At the Google I/O 2018,
the company teased how Google Maps can leverage the camera to
overlay walking directions and business listings for an Augmented
Reality (AR) experience via its new
Visual Positioning System (VPS).
Essentially, when your GPS is not enough, VPS will use your
phone’s camera and Google’s extensive back-end data to analyze
your surroundings to estimate your precise position and orientation
to identify where you are with greater accuracy.
There has been no word on this since then, but earlier today,
The Wall Street Journal shared the first look of the upcoming AR
In this demoed version of Google Maps, there is a new “Start
AR” option alongside the traditional “Directions”. Once you
tap on it, the map is replaced by a real-time view of the world
around you along with the traditional overhead map.
The Wall Street Journal Photo: Emily Prapuolenis/The Wall
Users will have to first move their phone around and point the
camera to things around them so that the camera can recognize some
landmarks to calibrate where the user is. The app essentially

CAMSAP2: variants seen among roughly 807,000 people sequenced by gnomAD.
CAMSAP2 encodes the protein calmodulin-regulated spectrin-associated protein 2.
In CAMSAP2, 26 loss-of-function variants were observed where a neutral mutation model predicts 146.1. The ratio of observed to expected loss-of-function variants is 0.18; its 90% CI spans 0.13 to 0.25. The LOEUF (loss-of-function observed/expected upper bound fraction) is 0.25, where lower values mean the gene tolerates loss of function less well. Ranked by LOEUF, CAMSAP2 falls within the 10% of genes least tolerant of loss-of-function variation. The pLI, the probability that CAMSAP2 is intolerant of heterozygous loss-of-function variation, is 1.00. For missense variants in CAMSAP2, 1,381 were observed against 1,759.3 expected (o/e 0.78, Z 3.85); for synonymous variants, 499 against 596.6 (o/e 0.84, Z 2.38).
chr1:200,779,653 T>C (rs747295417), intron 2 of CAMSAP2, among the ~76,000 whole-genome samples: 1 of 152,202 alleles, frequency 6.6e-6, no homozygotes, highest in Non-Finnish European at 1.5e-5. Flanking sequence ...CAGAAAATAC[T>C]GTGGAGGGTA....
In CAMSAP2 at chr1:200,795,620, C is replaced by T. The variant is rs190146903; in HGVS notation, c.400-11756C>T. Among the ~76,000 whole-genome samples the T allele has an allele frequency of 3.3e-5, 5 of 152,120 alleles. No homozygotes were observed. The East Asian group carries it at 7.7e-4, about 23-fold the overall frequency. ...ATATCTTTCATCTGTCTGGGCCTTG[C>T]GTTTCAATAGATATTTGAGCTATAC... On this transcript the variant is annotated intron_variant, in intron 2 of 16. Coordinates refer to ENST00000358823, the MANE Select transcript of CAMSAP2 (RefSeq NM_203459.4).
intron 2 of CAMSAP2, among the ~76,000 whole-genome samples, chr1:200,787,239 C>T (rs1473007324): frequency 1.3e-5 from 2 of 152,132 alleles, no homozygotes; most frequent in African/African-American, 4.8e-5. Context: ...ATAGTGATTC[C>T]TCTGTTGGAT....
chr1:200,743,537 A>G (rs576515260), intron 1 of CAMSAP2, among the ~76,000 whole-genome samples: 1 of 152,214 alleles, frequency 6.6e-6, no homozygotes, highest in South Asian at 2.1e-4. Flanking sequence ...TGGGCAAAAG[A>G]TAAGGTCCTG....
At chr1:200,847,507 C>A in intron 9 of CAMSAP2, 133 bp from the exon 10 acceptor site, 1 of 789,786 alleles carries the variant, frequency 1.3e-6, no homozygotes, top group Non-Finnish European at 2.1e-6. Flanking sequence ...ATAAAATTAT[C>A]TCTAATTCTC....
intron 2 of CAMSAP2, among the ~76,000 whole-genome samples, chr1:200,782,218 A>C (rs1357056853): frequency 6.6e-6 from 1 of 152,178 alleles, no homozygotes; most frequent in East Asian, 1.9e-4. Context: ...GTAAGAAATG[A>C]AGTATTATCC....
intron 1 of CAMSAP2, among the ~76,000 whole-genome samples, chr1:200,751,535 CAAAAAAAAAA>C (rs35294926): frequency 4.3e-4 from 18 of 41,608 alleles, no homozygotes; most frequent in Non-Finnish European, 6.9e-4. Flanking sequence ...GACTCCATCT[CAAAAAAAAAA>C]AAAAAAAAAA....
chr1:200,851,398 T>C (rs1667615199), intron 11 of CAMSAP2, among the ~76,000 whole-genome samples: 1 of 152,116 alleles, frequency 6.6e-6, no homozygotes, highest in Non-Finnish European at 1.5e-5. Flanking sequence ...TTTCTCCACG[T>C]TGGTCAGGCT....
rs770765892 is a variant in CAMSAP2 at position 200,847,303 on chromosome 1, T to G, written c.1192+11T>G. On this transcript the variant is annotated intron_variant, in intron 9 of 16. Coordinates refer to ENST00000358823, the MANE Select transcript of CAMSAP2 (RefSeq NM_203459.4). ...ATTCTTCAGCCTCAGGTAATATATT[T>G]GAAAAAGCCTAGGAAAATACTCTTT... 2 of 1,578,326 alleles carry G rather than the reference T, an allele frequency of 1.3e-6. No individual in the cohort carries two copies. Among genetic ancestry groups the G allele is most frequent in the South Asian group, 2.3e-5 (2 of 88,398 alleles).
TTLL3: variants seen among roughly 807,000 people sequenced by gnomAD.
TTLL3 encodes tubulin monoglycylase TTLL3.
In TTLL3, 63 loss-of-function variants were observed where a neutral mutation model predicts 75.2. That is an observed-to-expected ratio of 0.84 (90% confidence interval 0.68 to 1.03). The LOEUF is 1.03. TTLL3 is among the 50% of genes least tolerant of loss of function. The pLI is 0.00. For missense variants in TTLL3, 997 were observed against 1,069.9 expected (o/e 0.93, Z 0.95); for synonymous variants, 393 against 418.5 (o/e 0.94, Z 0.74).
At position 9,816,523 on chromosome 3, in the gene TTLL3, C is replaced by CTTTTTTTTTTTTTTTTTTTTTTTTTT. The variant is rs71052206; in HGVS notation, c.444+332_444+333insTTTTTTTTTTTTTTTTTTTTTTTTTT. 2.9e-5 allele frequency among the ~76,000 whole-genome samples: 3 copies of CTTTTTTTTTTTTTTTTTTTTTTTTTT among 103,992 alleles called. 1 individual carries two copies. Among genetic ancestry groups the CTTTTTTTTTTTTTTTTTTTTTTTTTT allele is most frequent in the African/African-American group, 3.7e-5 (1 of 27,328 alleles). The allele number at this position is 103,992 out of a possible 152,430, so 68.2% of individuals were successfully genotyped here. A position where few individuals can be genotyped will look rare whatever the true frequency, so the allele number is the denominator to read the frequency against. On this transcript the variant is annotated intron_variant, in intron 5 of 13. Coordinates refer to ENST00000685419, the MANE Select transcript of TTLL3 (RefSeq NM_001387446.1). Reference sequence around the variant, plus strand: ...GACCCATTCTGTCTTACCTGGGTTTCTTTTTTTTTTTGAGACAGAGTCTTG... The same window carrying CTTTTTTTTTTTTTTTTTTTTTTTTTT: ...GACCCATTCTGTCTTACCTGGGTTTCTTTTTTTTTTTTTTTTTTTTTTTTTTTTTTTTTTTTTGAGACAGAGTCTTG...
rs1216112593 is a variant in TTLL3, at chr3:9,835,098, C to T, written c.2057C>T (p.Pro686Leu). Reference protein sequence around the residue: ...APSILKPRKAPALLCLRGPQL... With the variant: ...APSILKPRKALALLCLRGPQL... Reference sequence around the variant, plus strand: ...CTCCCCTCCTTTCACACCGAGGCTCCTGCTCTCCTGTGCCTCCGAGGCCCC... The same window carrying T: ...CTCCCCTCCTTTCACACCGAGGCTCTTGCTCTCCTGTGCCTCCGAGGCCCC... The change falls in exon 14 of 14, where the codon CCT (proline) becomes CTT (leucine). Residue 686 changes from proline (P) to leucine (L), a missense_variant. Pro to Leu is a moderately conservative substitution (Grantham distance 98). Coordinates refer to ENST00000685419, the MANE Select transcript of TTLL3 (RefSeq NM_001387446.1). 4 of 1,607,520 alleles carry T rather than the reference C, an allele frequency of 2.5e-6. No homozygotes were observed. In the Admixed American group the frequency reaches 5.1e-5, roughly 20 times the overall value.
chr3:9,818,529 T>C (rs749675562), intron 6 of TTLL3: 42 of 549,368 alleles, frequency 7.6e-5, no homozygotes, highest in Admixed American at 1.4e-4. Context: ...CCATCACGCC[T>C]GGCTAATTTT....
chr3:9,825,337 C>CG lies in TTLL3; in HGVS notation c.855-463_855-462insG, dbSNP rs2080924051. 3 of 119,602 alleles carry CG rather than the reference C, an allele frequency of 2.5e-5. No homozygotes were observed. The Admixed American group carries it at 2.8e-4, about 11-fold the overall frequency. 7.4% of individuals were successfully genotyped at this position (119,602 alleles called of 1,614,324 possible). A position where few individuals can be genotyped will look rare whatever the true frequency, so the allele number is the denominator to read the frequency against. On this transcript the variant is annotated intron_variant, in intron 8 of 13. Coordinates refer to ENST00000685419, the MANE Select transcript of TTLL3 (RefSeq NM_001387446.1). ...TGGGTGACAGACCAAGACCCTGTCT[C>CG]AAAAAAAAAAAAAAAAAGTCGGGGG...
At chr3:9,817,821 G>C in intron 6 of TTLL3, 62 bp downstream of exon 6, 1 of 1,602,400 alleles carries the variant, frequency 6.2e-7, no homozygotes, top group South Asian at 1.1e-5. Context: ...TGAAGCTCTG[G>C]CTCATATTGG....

matches the recognized landmarks and objects with all the imagery
and data the company has captured with those Street View cars
A moment after the app found me, a set of bold,
can’t-miss-’em 3-D arrows appeared on my phone screen, hovering
in the middle of the street. The arrows pointed right, so I headed
right. That’s when a rectangular blue sign appeared, floating
above the sidewalk: 249 feet until my next turn. At the corner, the
arrows again pointed right, and down the street a phone booth-size
red pin marked my destination. It was as if Maps had drawn my
directions onto the real world, though nobody else could see
Photo: Emily Prapuolenis/The Wall Street Journal
The company has shared with the WSJ that this upcoming feature
is meant for walking directions and not to be used while driving.
There are also a few nifty features to conserve your phone’s
battery life and data usage, for example, lowering your phone will
flip to the standard map while the screen automatically darkens
after a period of time.
The AR feature is particularly useful at the beginning of a
journey when a person usually starts walking in a particular
direction only to realize that he/she is going the opposite way or
when one gets out of the subway and isn’t sure of which
direction, he/she needs to head to. By making use of the smartphone
camera, Google Maps will get a more-detailed sense of where you are
and where you need to go.
While this definitely looks exciting, most of us will have to
wait a little longer before we can take it for a spin. The feature
will be rolling out soon to a few Local Guides, the most active
reviewers and users of Google Maps, and will come to everyone at a
later stage since the company thinks it needs a lot more testing
before the experience is ready for a broader availability.